Family of Mordechai Laib Shapiro and his wife Rocha Nessa Romm Shapiro, circa 1921
- Irvin (Irving) Barron, son of Lillian (Lilly) Shapiro and Benjamin Barron, grandson of Mordechai Laib and Rocha Nessa Romm Shapiro, and husband of Sara
- Paul Shapiro (also known as Pacey) son of Hyman and Esther Meyerwitz Shapiro, grandson of Mordechai Laib and Rocha Nessa Romm Shapiro
- W. Edward Shapiro (Eddie), son of Hyman and Esther Meyerwitz Shapiro, grandson of Mordechai Laib and Rocha Nessa Romm Shapiro, and husband of Frances
- Isidore (Isadore) Shapiro, son of Hyman and Esther Meyerwitz Shapiro, grandson of Mordechai Laib and Rocha Nessa Romm Shapiro, and husband of Doris
- Helen Barron Levin, daughter of Lillian (Lilly) Shapiro and Benjamin Barron, granddaughter of Mordechai Laib and Rocha Nessa Romm Shapiro. She married Maurice ? Levin and they lived in Montgomery County, Maryland.
- Harold (Henech or Henny) Yatt, son of Edith (Hinda) Shapiro and Solomon Yatt, grandson of Mordechai Laib and Rocha Nessa Romm Shapiro, husband of Bonnie.. He was born on January 8, 1920, in ________________.
- Ruth Frances (Tootsie) Yatt Hurwitz, sister of Harold (Henny) Yatt, daughter of Edith (Hinda) Shapiro and Solomon Yatt, granddaughter of Mordechai Laib and Rocha Nessa Romm Shapiro, wife of Leonard (Lenny) Hurwitz. She was born on June 12, 1921 in Baltimore, Maryland and died in Williamsport, Pennsylvania, on January 1, 1985.
- Solomon Shapiro, Ph.D., son of Benjamin (Dov Ber) Shapiro, born in Baltimore City, Maryland on July 6, 1920, and died in Baltimore City, Maryland on January 7, 1989. In February 1948 he married Phyllis Mildred Kramer (known as Mildred; Yiddish name Fayge Mindel).
- Lillian Shapiro (Lilly) Barron, daughter of Mordechai Laib and Rocha Nessa Romm Shapiro, wife of Benjamin Barron. He died in December 1941 in Harrisburg, PA. She died in Wheaton, Maryland and is buried in Harrisburg.
- Mordechai Laib (a/k/a Max Louis in U.S.) Shapiro, son of Dov Ber Shapiro, born in 1847 or 1850 in Kamajai, Lithuania, died in Baltimore, Maryland in 1926. According to family history, he was informally known as "Mottel." His gravestone indicates that in 1926 he was 76 years old. His Orthodox Jewish identification was Nusach Ari. A reference to him in the 1882 Voters List for Kamai lists him as "Motel Leyba Shapira," son of "Berko," age 35. Thus, he was either born in 1847 or 1850 and would have been either 74 or 71 in 1921. He first went to South Africa to consider whether to move his family there, but returned to Kamajai and decided the family should move to the U.S. He arrived in the U.S. in 1906, lived in Harrisburg, Pennsylvania, until 1914, and then moved to Baltimore.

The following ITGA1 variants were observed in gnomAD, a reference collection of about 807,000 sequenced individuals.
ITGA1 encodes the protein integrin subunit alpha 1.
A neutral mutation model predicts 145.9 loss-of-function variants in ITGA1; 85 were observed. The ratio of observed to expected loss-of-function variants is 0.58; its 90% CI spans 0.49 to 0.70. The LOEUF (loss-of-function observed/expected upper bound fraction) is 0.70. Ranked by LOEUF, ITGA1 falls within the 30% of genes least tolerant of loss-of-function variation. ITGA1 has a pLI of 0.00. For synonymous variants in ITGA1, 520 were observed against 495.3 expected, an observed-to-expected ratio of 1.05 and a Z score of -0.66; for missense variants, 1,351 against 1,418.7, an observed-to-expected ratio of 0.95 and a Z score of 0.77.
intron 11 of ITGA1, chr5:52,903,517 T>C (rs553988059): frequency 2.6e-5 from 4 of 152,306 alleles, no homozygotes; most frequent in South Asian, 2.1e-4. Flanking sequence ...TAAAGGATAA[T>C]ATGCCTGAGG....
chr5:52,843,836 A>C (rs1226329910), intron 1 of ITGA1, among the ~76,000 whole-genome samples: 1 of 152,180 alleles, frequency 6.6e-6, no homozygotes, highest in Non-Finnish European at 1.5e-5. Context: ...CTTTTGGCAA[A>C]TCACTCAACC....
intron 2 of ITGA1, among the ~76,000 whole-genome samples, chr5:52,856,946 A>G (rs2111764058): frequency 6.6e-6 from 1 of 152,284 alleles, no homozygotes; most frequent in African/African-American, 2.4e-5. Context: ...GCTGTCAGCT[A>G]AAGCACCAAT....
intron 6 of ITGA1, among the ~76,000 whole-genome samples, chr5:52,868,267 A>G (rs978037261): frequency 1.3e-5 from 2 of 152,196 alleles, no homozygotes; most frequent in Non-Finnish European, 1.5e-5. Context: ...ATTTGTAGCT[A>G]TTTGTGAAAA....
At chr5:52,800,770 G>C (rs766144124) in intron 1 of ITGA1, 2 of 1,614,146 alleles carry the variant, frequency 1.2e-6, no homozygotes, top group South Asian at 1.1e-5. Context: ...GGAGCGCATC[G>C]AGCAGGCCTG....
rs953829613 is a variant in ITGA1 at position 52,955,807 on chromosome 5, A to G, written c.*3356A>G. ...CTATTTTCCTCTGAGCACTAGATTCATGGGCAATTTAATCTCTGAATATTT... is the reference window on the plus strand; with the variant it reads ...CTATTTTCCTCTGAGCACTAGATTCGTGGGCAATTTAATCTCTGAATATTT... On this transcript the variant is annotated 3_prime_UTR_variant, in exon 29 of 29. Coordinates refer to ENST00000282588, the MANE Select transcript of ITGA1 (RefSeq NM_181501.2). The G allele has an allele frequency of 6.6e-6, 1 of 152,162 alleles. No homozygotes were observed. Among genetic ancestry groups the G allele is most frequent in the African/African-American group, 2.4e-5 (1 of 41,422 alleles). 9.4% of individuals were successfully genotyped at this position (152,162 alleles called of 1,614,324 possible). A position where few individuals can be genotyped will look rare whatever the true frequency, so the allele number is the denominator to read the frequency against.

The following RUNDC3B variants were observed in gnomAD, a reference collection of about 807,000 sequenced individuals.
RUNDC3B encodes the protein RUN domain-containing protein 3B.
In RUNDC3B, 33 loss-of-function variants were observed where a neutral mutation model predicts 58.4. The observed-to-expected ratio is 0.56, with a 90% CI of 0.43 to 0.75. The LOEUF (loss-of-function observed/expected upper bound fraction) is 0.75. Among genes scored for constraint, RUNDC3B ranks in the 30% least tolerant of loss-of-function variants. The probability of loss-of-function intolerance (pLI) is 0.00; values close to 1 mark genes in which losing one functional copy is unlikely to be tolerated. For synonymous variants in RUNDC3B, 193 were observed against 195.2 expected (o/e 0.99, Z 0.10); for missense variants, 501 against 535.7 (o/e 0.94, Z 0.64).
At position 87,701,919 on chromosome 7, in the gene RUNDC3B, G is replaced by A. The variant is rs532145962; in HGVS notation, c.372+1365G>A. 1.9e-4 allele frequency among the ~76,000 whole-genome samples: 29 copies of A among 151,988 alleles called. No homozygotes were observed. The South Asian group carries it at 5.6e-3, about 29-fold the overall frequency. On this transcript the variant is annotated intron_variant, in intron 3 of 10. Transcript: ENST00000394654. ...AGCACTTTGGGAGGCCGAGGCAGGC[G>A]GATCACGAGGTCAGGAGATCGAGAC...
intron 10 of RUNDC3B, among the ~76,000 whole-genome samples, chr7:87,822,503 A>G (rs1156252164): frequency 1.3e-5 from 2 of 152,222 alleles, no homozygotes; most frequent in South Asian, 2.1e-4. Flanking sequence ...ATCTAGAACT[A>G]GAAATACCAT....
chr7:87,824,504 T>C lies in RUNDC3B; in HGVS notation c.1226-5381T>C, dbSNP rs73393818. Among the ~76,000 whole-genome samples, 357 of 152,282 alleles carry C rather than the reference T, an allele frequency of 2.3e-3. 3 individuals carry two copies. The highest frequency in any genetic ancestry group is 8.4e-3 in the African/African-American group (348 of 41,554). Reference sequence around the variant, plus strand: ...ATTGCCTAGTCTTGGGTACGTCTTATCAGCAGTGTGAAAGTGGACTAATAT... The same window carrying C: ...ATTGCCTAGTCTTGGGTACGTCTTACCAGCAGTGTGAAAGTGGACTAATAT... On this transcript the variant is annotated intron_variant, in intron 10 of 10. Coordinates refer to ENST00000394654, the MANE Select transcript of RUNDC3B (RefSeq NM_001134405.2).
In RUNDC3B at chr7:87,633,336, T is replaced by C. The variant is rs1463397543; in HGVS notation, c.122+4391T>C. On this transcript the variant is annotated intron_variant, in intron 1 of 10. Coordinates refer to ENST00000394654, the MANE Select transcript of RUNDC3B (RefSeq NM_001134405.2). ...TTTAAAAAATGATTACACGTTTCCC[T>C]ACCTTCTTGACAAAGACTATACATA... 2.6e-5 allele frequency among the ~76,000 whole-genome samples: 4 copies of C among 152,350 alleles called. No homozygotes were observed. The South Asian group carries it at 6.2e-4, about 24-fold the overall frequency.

- Hyman (Alter) Shapiro, son of Mordechai Laib and Rocha Nessa Romm Shapiro. He married Esther Meyerwitz. They initially lived in Baltimore and then moved to California. He is buried in Los Angeles. He was named Alter because he was the first of the children to survive.
- Rocha Nessa Romm Shapiro, wife of Mordechai Laib Shapiro, was born in Kupiskis, Lithuania, in 1859. She and her husband came to America in 1906. They first lived in Harrisburg and moved to Baltimore City in 1914, where she died in 1934. Like most of the family, she is buried in the Rosedale Cemetery in Baltimore, adjacent to her sisters Etta Devara Romm Smith and Chia Rivka Romm Schwartzberg.
- Benjamin (Dov Ber) Shapiro, son of Mordechai Laib and Rocha Nessa Romm Shapiro, born in Kamajai, Lithuania, either on October 18, 1882, or October 15, 1883. He died in Baltimore City, Maryland in 1940. As a youth, he attended the Telshe Yeshiva in Telz, Lithuania. He arrived in the U.S. before his father.
- Benjamin Barron, husband of Lillian (Lilly) Shapiro Barron, the daughter of Mordechai Laib and Rocha Nessa Romm Shapiro. He lived in Harrisburg, Pennsylvania, and died there in December 1941.
- Edith ShapiroYatt, daughter of Mordechai Laib and Rocha Nessa Romm Shapiro, born in Kamajai, Lithuania, in 1895, and died in Harrisburg, Pennsylvania, in 1948. She was sister of Benjamin (Dov Ber) Shapiro, wife of Sol (Shlomo) Yatt (formerly Yatovitz), mother of Harold Yatt and Ruth Yatt Hurwitz.